HOAs increase in the supine position

October 10, 2006

There is a marked increase in higher-order aberrations when a patient is in the supine position, according to the results of a study published in the February issue of the American Journal of Ophthalmology.

There is a marked increase in higher-order aberrations when a patient is in the supine position, according to the results of a study published in the February issue of the American Journal of Ophthalmology.

Takushi Kawamorita and his colleagues from Kitasato University Graduate School of Medical Sciences, Sagamihara, Japan, carried out an observational case series on nine healthy volunteers (three men, six women) with no known abnormalities.

Corneal aberration and curvature measurements were taken with a Placido-ring videokeratoscope, Keratron (Optikon 2000, Rome, Italy), which had been altered to measure patients in the supine position. Corneal wavefront aberrations were analysed at a 6 mm pupil diameter for total higher-order, coma-like and spherical-like aberrations. Three measurements were taken on each volunteer's left eye; the first while the subject was sitting and the remaining two once the patient was in the supine position, the first immediately and the second half an hour later. Data was analysed by repeated measure analysis of variance (ANOVA) and the Scheffé test.

The total higher-order aberration for 6 mm pupil diameter significantly increased from 0.419 ± 0.120 µm in the sitting position to 0.500 ± 0.157 µm in the supine position. Spherical-like aberrations found immediately after adopting the supine position also showed a significant increase compared with the sitting position but decreased within the following 30 minutes. In the coma-like aberration, corneal curvature, vertical axis, pupil diameter and off-set, no significant differences were found.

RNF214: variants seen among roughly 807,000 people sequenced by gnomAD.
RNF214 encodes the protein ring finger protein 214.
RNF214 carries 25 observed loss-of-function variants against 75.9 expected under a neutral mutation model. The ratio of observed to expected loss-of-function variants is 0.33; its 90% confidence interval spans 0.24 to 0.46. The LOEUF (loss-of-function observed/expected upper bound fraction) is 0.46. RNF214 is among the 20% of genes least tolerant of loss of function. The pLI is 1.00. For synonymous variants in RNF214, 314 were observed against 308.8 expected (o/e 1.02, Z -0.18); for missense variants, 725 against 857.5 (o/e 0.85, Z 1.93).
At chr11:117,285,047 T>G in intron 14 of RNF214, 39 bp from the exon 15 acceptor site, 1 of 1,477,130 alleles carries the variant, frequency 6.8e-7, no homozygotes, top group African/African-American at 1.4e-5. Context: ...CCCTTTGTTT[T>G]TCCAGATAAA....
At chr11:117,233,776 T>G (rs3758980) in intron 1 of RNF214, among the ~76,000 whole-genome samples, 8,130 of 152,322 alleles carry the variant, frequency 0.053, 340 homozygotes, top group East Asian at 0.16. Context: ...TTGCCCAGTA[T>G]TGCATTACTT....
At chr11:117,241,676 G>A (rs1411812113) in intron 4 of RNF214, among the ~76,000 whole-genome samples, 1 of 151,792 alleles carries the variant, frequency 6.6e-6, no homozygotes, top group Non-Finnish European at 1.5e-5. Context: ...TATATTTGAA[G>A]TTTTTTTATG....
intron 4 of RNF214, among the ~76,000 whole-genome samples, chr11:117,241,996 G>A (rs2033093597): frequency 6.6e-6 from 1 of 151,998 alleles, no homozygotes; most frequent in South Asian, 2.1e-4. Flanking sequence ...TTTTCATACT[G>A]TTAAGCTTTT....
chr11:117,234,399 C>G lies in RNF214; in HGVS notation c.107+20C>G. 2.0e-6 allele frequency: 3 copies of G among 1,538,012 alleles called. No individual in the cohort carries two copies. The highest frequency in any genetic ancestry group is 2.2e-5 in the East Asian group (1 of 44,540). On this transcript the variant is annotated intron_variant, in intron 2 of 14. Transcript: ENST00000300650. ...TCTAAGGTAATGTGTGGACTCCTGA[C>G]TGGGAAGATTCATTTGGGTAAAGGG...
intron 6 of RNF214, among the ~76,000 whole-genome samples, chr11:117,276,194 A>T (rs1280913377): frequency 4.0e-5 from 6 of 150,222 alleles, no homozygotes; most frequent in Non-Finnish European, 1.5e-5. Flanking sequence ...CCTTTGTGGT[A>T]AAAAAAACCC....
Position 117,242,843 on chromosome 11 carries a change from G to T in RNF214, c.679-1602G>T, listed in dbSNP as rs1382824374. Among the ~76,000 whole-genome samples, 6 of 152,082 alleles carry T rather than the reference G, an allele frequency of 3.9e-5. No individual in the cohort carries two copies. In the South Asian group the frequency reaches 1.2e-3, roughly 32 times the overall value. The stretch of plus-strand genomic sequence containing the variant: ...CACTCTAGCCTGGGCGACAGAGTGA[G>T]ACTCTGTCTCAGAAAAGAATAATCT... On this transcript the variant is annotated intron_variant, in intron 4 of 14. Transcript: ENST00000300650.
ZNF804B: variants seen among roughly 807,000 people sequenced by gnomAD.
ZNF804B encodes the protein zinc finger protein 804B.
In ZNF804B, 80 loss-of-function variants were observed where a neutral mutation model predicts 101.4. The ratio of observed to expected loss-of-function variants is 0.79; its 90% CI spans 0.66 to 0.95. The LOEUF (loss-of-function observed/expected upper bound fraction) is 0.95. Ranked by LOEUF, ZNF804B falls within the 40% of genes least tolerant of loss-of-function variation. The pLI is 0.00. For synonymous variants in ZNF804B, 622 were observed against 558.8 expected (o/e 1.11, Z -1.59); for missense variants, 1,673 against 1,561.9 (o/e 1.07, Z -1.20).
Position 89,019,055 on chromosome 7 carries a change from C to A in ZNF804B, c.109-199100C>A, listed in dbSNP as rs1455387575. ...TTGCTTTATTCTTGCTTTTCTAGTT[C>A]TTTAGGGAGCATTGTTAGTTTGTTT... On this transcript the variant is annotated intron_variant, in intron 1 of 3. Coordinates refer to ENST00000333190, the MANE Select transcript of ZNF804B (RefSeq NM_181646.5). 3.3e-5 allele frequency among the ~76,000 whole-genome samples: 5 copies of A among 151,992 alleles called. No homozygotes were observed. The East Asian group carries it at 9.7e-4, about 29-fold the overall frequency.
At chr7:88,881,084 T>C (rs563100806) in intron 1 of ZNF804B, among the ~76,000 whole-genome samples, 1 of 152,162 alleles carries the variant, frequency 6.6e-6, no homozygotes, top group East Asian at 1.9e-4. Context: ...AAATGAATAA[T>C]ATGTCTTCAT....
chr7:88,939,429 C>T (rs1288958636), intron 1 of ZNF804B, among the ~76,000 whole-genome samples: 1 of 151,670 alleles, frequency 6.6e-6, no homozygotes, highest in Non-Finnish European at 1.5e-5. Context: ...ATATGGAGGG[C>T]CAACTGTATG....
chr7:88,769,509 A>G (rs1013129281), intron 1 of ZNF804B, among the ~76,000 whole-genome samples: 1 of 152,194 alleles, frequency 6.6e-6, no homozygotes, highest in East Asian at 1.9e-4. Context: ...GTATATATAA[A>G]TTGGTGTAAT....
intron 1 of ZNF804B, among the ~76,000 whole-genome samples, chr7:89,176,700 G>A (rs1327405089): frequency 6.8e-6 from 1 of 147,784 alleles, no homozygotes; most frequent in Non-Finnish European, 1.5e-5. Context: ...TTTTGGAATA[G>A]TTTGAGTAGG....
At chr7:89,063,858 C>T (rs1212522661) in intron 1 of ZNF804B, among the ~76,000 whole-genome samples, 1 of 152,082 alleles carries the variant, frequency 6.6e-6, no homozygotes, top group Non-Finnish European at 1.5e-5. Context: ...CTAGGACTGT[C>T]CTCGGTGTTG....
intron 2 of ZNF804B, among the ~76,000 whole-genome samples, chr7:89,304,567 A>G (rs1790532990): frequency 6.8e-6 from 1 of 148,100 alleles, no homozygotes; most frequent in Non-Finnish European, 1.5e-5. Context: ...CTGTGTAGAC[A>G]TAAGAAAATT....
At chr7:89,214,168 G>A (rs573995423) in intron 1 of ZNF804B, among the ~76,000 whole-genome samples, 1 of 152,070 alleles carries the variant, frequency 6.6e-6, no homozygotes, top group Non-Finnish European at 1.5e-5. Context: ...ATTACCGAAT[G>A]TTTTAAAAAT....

Although the cyclotorsion (rotation of the eye around its visual axis) may be associated with changes in the aberration pattern, the authors found no significant change in the vertical axis. Another contributing factor may be intraocular pressure (IOP), as it is known that IOP in the supine position is greater than in the sitting position. This, in addition to avoiding corneal deformation caused by the measuring instrument, was the reason cited for not measuring IOP in the study.

The authors concluded that the increase in higher-order aberrations may act to limit the improvements in visual performance after customized refractive surgery, based on wavefront measurements.